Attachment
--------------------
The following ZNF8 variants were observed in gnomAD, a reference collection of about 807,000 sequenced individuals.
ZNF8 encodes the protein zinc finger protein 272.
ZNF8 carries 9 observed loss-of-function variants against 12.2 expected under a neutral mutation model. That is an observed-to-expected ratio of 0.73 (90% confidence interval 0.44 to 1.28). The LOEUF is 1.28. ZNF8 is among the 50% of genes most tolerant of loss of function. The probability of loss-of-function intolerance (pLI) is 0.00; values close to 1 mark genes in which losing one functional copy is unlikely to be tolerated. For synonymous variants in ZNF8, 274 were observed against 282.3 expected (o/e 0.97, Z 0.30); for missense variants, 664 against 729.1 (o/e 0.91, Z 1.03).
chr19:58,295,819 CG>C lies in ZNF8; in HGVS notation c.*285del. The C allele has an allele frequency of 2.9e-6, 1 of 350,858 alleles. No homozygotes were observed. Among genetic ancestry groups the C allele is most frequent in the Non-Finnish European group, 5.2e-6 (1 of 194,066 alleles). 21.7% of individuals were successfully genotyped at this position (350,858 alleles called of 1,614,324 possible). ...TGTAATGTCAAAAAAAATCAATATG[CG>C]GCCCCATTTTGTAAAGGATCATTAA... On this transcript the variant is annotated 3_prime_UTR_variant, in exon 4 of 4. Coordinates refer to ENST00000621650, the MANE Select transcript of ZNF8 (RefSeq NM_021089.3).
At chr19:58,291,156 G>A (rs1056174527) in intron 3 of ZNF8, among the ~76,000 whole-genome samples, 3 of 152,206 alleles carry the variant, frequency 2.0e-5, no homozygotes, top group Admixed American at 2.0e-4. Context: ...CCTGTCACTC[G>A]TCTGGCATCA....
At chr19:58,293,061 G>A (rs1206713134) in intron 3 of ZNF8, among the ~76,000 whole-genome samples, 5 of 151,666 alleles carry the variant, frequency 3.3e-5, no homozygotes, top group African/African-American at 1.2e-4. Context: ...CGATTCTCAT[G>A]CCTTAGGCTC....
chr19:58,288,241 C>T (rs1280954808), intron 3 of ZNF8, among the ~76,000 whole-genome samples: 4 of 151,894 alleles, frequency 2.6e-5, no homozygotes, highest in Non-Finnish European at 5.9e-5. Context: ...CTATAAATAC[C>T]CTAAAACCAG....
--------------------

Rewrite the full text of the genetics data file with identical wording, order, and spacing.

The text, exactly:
The following ZNF8 variants were observed in gnomAD, a reference collection of about 807,000 sequenced individuals.
ZNF8 encodes the protein zinc finger protein 272.
ZNF8 carries 9 observed loss-of-function variants against 12.2 expected under a neutral mutation model. That is an observed-to-expected ratio of 0.73 (90% confidence interval 0.44 to 1.28). The LOEUF is 1.28. ZNF8 is among the 50% of genes most tolerant of loss of function. The probability of loss-of-function intolerance (pLI) is 0.00; values close to 1 mark genes in which losing one functional copy is unlikely to be tolerated. For synonymous variants in ZNF8, 274 were observed against 282.3 expected (o/e 0.97, Z 0.30); for missense variants, 664 against 729.1 (o/e 0.91, Z 1.03).
chr19:58,295,819 CG>C lies in ZNF8; in HGVS notation c.*285del. The C allele has an allele frequency of 2.9e-6, 1 of 350,858 alleles. No homozygotes were observed. Among genetic ancestry groups the C allele is most frequent in the Non-Finnish European group, 5.2e-6 (1 of 194,066 alleles). 21.7% of individuals were successfully genotyped at this position (350,858 alleles called of 1,614,324 possible). ...TGTAATGTCAAAAAAAATCAATATG[CG>C]GCCCCATTTTGTAAAGGATCATTAA... On this transcript the variant is annotated 3_prime_UTR_variant, in exon 4 of 4. Coordinates refer to ENST00000621650, the MANE Select transcript of ZNF8 (RefSeq NM_021089.3).
At chr19:58,291,156 G>A (rs1056174527) in intron 3 of ZNF8, among the ~76,000 whole-genome samples, 3 of 152,206 alleles carry the variant, frequency 2.0e-5, no homozygotes, top group Admixed American at 2.0e-4. Context: ...CCTGTCACTC[G>A]TCTGGCATCA....
At chr19:58,293,061 G>A (rs1206713134) in intron 3 of ZNF8, among the ~76,000 whole-genome samples, 5 of 151,666 alleles carry the variant, frequency 3.3e-5, no homozygotes, top group African/African-American at 1.2e-4. Context: ...CGATTCTCAT[G>A]CCTTAGGCTC....
chr19:58,288,241 C>T (rs1280954808), intron 3 of ZNF8, among the ~76,000 whole-genome samples: 4 of 151,894 alleles, frequency 2.6e-5, no homozygotes, highest in Non-Finnish European at 5.9e-5. Context: ...CTATAAATAC[C>T]CTAAAACCAG....